Robert Rauschenberg: Works on Metal
I like seeing people using materials that one’s not accustomed to seeing in art. That has a particular value. New materials have fresh associations, physical properties and qualities that have built into them the possibility of forcing you or helping you do something else.
In collaboration with the Robert Rauschenberg Foundation, Gagosian Beverly Hills is pleased to announce an exhibition of Robert Rauschenberg’s works on metal of the 1980s and 1990s. This will be the first major presentation of his work on the West Coast since MOCA’s acclaimed traveling exhibition of the Combines in 2006.
Rauschenberg’s protean outlook ushered in a new era of postwar American art in the wake of Abstract Expressionism with a free and experimental approach that drew inspiration from conceptual, materialist, and gestural precedents. His inventive use of discarded materials and appropriated images eviscerated distinctions between medium and genre, abstraction and representation, while his “flatbed picture plane,” which absorbed found objects into the realm of paintings, forever changed the relationship between artwork and viewer.
“Works on Metal” traces Rauschenberg’s obsession, beginning in the mid-1980s, with the potential of metal. Exchanging canvas for flat sheets of metal mounted directly to the wall, he worked in consequent series using aluminum, brass, copper, and bronze, harnessing the natural hues and reflections of each. He then juxtaposed their intrinsic qualities with secondary processes, from the application of acrylic and enamel paints and silkscreened photographic images to his fine-tuning of chemical reactions and manipulation of industrial scrap and refuse.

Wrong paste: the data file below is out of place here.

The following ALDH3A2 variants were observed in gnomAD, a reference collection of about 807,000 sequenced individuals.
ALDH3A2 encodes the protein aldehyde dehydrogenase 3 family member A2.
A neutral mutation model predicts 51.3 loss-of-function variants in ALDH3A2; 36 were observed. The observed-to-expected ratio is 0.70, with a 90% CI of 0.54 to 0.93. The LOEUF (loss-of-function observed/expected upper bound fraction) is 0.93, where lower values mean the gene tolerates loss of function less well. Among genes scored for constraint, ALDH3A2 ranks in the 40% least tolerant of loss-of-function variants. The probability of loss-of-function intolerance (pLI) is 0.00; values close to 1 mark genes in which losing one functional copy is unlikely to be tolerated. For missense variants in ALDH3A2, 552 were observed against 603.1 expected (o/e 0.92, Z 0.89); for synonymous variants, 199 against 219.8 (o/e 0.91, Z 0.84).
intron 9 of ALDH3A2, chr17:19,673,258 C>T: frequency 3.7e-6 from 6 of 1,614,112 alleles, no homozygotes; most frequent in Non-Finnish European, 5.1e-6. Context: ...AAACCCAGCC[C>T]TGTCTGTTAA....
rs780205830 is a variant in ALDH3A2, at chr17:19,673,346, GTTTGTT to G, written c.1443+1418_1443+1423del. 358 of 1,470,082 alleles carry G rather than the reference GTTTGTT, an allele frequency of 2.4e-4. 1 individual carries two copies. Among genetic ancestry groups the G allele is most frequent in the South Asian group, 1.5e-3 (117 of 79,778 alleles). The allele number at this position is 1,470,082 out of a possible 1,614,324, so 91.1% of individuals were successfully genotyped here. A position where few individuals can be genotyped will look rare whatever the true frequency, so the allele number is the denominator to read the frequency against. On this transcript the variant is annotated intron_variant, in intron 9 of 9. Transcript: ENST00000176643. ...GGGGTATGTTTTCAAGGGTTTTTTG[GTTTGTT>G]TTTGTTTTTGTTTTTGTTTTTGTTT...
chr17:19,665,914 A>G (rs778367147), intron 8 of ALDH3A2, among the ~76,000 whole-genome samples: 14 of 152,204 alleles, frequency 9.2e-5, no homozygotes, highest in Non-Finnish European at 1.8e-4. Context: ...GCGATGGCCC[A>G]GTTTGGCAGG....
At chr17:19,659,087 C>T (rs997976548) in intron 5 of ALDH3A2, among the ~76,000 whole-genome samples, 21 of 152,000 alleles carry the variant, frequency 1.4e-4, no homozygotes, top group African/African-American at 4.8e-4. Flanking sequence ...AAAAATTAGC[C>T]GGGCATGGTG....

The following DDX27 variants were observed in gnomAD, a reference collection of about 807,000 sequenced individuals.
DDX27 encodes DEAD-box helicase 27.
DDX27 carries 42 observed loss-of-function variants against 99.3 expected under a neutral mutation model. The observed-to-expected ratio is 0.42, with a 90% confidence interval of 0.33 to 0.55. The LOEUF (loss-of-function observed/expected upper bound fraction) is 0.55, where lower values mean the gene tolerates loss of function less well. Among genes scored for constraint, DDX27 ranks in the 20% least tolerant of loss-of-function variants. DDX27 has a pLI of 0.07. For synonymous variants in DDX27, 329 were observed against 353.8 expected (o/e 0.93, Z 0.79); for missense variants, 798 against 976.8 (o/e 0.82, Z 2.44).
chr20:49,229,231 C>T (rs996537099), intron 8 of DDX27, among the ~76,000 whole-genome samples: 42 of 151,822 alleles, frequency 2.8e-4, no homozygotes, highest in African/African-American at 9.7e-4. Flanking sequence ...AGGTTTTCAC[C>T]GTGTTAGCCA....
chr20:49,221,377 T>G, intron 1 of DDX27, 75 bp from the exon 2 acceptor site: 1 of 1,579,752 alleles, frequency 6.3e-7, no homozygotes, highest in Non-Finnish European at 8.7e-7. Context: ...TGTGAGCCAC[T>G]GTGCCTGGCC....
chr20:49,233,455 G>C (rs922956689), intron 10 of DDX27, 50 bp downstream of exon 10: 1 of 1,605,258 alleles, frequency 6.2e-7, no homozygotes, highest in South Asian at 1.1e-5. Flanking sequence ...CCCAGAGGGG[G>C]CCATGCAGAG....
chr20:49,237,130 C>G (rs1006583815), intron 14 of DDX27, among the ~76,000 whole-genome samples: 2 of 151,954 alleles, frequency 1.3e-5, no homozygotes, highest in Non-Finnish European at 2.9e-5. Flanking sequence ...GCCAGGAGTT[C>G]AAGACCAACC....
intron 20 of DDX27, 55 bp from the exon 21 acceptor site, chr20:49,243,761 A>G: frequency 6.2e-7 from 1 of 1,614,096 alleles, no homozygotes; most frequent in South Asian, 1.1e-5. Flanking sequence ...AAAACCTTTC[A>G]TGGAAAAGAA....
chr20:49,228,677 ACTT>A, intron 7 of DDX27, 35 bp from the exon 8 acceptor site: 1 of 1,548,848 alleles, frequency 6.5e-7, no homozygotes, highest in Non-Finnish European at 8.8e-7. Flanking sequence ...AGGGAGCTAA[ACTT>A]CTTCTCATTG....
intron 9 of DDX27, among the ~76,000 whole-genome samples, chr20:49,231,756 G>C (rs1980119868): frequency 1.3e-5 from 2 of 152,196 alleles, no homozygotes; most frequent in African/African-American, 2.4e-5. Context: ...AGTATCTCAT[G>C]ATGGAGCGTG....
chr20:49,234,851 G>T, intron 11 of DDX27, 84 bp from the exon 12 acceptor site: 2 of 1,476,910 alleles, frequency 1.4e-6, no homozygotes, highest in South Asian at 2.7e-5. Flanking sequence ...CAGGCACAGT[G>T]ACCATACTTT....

For his prescient project of global diplomacy known as ROCI (Rauschenberg Overseas Culture Interchange, 1984–91), Rauschenberg worked and exhibited in eleven countries including Chile and Cuba, silkscreening photographic images taken during his extensive travels onto huge sheets of copper and stainless steel. Drawing upon this bountiful image bank, his ongoing investigation of painting on metal would prove to be one of the most inventive periods of his career, taking on ever new inflections as he traveled to Mexico, Germany, Tibet, the former U.S.S.R., Venezuela, and other locations. In the Urban Bourbon series (1988–96), reflective depths overlap with fragmented photography and gestural brushwork; in the Borealis paintings (1988–92), chemicals and ammonium salts were applied to brass, copper, and bronze sheets to achieve corrosive effects; in the steely Night Shades (1991), acids were used to rapidly tarnish the mirrored and brushed aluminum surfaces.
Parallel to his works on flat metal surfaces, Rauschenberg collected discarded automotive parts, gas station signs, and other scrap materials, which he manipulated into both freestanding and wall-mounted sculptures; the so-called Gluts (1986–89/1991–94) echoed the Combines in their reconfiguration of found objects. Rauschenberg referred to the Gluts, which he continued to produce after the seven-year ROCI. tour, as “souvenirs without nostalgia;” he aimed to create art that was “as fresh, strange and unpredictable as what’s going on around you.” In the conceptual and material breadth of the metal works, Rauschenberg fulfilled the partial relinquishing of authorship, allowing art to integrate with the mess of life.
The exhibition is accompanied by a fully illustrated catalogue with an essay by Joachim Pissarro.